4. You can use cream of whatever soup or canned sauce or store-bought dressing if you're pressed for time, but if you have extra time and can make them from scratch, it's a little cheaper and a little healthier. Nevertheless, a crock pot meal with veggies and meat and cream of whatever soup is cheaper and healthier than a fast food meal or freezer dinner. And, frankly, many crock pot meals take less time to throw together than a wait in the drive thru line.

5. Leftovers. Seriously, people. Maybe Michael Pollen wants us to eat foods our grandmothers recognized. I'd bet a million bucks they recognized leftovers. You can be all cute and pack them up for your (or your husband's) lunches the next day or make them into some fabulous leftover meal. Or you can just throw some Saran wrap over the serving dish and call it good. But eat them. Love them.

6. Take 10 minutes to sort of think about your meals for the week before you go shopping. Nothing has to be color coded. You don't have to plan every meal and every food. But have a sort of vague-ish idea of what you will be eating. I don't care what socio-economic class you belong to. I don't care if you live downtown with only an expensive corner store or if you live in the suburbs or if you live 1/2 mile from a good grocery store, this will be helpful to you when you shop.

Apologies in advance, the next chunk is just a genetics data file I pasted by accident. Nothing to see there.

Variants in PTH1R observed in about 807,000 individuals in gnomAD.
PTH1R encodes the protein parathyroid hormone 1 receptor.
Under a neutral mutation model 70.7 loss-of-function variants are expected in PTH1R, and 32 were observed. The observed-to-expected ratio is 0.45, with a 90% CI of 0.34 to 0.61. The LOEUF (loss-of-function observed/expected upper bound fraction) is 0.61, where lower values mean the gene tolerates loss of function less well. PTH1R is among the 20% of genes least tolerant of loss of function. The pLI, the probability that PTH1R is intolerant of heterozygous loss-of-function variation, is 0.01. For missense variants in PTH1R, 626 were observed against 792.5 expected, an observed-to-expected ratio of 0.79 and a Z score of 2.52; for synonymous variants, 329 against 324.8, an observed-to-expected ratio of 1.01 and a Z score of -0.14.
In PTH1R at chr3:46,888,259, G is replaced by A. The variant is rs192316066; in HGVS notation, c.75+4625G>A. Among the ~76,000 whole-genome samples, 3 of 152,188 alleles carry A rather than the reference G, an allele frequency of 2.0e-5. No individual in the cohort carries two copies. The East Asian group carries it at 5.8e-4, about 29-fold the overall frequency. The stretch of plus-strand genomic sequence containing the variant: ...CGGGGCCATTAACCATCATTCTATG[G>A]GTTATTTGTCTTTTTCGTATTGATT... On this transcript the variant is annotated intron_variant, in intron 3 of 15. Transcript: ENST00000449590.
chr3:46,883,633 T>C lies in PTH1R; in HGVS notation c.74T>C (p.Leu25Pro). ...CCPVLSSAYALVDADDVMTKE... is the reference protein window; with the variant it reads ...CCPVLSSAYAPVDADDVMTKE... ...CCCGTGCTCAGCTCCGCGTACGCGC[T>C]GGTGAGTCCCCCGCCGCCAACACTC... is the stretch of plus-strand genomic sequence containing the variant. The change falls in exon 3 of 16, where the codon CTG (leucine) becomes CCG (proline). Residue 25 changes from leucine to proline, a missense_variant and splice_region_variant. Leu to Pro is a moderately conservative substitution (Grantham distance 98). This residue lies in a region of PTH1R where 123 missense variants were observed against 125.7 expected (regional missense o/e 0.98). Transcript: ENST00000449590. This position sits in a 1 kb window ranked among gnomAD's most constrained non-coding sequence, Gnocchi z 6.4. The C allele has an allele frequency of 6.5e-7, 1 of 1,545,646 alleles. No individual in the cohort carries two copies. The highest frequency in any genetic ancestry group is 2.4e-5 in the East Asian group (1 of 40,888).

7. If you don't have a vague-ish idea of what to eat this week, know what your basics are and buy them. Our list looks a little like this: Cereal, oatmeal, milk, eggs, pasta, sauce, bread, PB, jam, chicken, broccoli, whatever fruit is cheap, hamburger meat, rice, potatoes, and maybe some fish if I pass by and think about it. This isn't a perfect list; it could get boring if I never planned a meal, but when I find myself in the store with only a vague idea that the refrigerator is empty, I try to remember to buy the basics and then maybe a few things that seem interesting; and I trust that life will fall into place. It usually does.

So... what am I missing? Feel free to chime in middle class or lower class (or even upper class) cheapskates. What do you do that's not crazy to keep your food life tasty, but cheap? 

Sunday, September 15, 2013

Parmesan Corn

This month for Secret Recipe Club I had Jane's Adventures in Dinner. The blog is just beautiful and I pinned abut 700 (give or take a little) recipes from her site. But after a trip to Bud's Farm Market where we came home with a bunch of corn, I just had to go for this Parmesan Corn. And I'm so glad I did. Because it is DELICIOUS. The flavor combos were just perfect, although if you're averse to mayo (I know some people are--you crazy people, you), I think that this herb/flavor combination would be amazing mixed in with butter too.